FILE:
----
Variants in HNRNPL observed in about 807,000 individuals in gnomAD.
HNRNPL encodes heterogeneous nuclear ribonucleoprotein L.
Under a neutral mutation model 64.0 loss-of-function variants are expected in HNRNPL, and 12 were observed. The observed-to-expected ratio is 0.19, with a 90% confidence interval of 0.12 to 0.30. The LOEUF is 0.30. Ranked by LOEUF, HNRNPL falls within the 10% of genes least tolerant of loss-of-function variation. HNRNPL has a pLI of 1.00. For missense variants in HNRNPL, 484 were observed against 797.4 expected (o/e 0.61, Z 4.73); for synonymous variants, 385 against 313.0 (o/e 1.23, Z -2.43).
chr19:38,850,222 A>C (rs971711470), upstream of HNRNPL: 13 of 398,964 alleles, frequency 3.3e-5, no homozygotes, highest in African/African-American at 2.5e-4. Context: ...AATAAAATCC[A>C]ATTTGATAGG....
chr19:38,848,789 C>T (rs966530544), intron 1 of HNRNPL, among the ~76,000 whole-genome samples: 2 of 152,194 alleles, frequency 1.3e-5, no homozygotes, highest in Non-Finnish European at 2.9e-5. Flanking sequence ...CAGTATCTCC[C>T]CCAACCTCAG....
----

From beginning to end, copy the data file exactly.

Variants in HNRNPL observed in about 807,000 individuals in gnomAD.
HNRNPL encodes heterogeneous nuclear ribonucleoprotein L.
Under a neutral mutation model 64.0 loss-of-function variants are expected in HNRNPL, and 12 were observed. The observed-to-expected ratio is 0.19, with a 90% confidence interval of 0.12 to 0.30. The LOEUF is 0.30. Ranked by LOEUF, HNRNPL falls within the 10% of genes least tolerant of loss-of-function variation. HNRNPL has a pLI of 1.00. For missense variants in HNRNPL, 484 were observed against 797.4 expected (o/e 0.61, Z 4.73); for synonymous variants, 385 against 313.0 (o/e 1.23, Z -2.43).
chr19:38,850,222 A>C (rs971711470), upstream of HNRNPL: 13 of 398,964 alleles, frequency 3.3e-5, no homozygotes, highest in African/African-American at 2.5e-4. Context: ...AATAAAATCC[A>C]ATTTGATAGG....
chr19:38,848,789 C>T (rs966530544), intron 1 of HNRNPL, among the ~76,000 whole-genome samples: 2 of 152,194 alleles, frequency 1.3e-5, no homozygotes, highest in Non-Finnish European at 2.9e-5. Flanking sequence ...CAGTATCTCC[C>T]CCAACCTCAG....